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By Perry Burton - Holyrood, Newfoundland - Canada

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"Back to Normal"

“All that remains” is a nice little phrase to make it seem like there’s little left to do, but in fact this part seems to take me more actual time than the other parts combined. The little details like waiting for coated parts to dry, or cure etc, especially when hampered by low temperatures.

Filleting and fairing is one of those tasks that seem never to end for me and I always have to stop myself and just say “enough” it’s not getting any better.

Two weeks of evenings when weather permitted, I had the fillets and fairing done. It looked good enough and felt fairly smooth. The cleat locations, fairleads and halyard blocks were determined and laid out then the holes were drilled in order to locate the backing blocks.

Reinforcing was done at all the points where a fitting went onto the roof or deck. One last thing before I get to fairing was the removing and plugging of the floor drains, and the drain into the cockpit.

I gave the modified areas one last clear coat of epoxy and I was ready for the last parts to be glued on then painted. The prime coat was thick as it rolled on but covered my faults well.

The 3 coats of paint that followed went much easier and the one dollar 4” foam rollers are one of my favourite painting tools now.

Generous donations of firewood from my neighbours deck modifications and blow downs on his property has helped keep my little tarp workshop warm and has become a meeting area to talk shop. Woodstoves, you gotta love em.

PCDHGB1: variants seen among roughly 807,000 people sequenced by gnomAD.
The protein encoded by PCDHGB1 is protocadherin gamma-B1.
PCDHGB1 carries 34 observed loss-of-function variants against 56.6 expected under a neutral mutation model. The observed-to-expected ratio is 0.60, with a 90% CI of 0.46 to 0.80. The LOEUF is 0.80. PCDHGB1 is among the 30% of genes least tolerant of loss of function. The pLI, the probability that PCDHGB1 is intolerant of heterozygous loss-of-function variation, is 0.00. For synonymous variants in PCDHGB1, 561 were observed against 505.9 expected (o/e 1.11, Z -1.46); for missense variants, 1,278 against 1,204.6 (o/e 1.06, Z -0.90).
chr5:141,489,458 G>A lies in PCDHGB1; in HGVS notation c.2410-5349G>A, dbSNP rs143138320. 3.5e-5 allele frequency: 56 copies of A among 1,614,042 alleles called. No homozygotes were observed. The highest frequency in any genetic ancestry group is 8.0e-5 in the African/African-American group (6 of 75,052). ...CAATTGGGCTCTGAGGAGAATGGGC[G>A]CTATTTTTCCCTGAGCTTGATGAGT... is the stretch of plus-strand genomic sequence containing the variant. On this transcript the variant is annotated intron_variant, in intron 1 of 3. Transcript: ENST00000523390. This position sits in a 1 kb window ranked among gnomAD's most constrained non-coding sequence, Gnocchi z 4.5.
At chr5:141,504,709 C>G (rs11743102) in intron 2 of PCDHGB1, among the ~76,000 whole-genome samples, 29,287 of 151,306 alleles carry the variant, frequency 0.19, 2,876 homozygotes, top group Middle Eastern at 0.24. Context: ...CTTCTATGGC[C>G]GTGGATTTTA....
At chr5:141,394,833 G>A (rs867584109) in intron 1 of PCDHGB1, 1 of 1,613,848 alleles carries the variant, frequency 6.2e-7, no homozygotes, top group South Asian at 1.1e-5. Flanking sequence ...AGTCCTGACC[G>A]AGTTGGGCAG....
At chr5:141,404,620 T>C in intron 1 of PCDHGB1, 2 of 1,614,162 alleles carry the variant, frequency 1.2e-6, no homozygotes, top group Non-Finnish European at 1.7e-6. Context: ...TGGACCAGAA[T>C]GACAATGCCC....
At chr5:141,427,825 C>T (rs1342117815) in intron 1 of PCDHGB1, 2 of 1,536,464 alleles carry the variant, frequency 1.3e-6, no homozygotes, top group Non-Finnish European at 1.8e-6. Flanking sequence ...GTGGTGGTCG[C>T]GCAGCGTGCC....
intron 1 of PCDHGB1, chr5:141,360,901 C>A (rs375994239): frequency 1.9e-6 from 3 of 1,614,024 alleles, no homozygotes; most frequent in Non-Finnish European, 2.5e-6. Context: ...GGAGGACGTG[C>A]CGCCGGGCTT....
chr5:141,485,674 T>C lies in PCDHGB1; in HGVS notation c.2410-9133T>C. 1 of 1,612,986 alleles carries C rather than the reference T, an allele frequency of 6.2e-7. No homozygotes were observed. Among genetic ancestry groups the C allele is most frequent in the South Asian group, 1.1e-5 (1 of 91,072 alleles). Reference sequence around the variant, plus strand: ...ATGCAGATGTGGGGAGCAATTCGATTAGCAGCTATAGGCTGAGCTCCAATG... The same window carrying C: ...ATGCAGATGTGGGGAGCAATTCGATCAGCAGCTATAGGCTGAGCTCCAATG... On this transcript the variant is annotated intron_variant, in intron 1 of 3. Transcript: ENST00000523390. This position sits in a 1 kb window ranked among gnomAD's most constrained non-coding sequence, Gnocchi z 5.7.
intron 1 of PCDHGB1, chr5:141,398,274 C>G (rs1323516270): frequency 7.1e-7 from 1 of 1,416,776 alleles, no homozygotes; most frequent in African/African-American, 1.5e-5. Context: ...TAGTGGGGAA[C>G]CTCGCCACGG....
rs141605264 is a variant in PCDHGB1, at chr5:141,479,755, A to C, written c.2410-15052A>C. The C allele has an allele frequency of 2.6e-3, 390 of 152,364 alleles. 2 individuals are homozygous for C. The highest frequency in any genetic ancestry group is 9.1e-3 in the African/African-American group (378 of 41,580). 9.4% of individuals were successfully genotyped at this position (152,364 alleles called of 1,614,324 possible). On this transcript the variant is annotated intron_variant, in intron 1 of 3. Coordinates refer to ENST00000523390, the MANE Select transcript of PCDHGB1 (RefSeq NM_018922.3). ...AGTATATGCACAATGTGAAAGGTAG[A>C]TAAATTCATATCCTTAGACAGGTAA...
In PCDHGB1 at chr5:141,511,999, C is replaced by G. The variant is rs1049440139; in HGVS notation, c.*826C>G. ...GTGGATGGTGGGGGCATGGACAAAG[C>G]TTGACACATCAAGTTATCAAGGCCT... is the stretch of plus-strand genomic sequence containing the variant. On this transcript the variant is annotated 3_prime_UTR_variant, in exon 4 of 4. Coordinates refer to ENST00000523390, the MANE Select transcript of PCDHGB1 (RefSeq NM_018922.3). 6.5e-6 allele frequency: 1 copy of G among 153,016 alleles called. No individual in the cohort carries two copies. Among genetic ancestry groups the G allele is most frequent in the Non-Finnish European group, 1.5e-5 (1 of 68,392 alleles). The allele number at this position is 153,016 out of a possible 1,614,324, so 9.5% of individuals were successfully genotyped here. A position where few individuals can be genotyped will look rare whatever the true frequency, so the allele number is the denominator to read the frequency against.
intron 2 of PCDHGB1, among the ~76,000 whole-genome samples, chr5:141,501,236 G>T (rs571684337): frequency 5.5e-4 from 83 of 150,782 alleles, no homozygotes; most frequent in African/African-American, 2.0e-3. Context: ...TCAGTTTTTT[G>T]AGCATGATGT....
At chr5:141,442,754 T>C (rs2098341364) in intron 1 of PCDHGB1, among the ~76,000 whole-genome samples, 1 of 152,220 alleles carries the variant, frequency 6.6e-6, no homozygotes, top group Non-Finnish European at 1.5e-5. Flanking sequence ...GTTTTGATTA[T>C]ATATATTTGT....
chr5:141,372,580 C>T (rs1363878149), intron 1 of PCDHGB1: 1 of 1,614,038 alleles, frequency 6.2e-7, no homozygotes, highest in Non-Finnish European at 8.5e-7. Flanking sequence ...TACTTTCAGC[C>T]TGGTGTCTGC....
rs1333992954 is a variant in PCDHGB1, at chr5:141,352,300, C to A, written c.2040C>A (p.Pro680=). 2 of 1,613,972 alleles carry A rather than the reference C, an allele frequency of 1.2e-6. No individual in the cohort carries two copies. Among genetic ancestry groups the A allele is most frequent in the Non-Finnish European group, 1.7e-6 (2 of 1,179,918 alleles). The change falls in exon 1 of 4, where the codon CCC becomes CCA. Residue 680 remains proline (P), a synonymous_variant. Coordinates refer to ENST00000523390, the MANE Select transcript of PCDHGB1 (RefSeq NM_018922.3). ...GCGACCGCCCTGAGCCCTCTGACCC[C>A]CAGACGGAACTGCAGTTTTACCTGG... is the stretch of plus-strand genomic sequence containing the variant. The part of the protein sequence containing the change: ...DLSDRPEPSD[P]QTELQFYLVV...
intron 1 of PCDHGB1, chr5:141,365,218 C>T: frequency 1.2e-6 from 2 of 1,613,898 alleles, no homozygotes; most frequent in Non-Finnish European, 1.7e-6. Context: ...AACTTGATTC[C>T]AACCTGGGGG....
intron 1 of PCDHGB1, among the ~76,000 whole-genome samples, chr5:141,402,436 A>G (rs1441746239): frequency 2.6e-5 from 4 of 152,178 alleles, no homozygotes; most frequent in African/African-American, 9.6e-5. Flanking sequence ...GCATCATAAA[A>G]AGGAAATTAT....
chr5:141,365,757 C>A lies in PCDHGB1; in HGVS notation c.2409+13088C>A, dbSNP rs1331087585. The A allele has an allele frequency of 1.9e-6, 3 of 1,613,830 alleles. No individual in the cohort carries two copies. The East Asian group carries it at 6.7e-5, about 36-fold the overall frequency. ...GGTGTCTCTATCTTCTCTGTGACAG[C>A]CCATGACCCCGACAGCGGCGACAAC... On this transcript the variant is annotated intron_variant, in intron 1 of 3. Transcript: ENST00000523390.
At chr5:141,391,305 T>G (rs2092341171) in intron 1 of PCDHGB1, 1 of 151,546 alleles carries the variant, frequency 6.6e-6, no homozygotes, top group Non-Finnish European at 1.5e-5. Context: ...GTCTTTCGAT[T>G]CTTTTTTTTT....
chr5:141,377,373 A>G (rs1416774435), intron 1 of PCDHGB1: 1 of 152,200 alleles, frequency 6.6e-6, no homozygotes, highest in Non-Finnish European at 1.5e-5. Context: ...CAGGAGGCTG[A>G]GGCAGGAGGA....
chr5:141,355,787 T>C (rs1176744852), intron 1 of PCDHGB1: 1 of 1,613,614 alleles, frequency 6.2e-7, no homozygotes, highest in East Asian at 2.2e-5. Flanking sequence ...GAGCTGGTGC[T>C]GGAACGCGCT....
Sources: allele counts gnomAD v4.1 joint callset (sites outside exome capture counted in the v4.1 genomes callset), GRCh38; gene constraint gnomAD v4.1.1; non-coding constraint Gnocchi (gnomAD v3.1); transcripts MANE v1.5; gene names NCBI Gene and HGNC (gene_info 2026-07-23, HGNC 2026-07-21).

Though this has been all about building the cabin addition to the Pathfinder, I have also been making other changes as well; one of them has been the construction of a new boom.

My original boom was large and serious overkill in strength for my little boat. I also seen a great article on reefing that convinced me to change my whole reefing system that will work better, be safer and great excuse to make a better boom. It was built with the bird’s mouth method and is a relatively simple job now that I’ve done it before.

Sanding and varnishing all my bright work took about 2 weeks of evenings to get 4 coats on and I had to keep away as each coat dried slowly (or not at all!) due to low night time temperatures... looking at watch... Time is wasting... summers near.

While waiting for the varnish to dry, I checked my fittings stock, picked up some new rope, picked up some screws, bolts and a nifty solar powered vent to be installed on the deck. I got good information from another Pathfinder owner about venting and made sure that part was covered, thanks Peter.

Finally, assembly time had arrived and I spent a Saturday with my wife as a third hand putting all the parts back onto the boat.

The Vent was installed and I put a bead of sealant under it to keep the water out. The windows were screwed in place and waterproofed with a bead of sealant on the sill.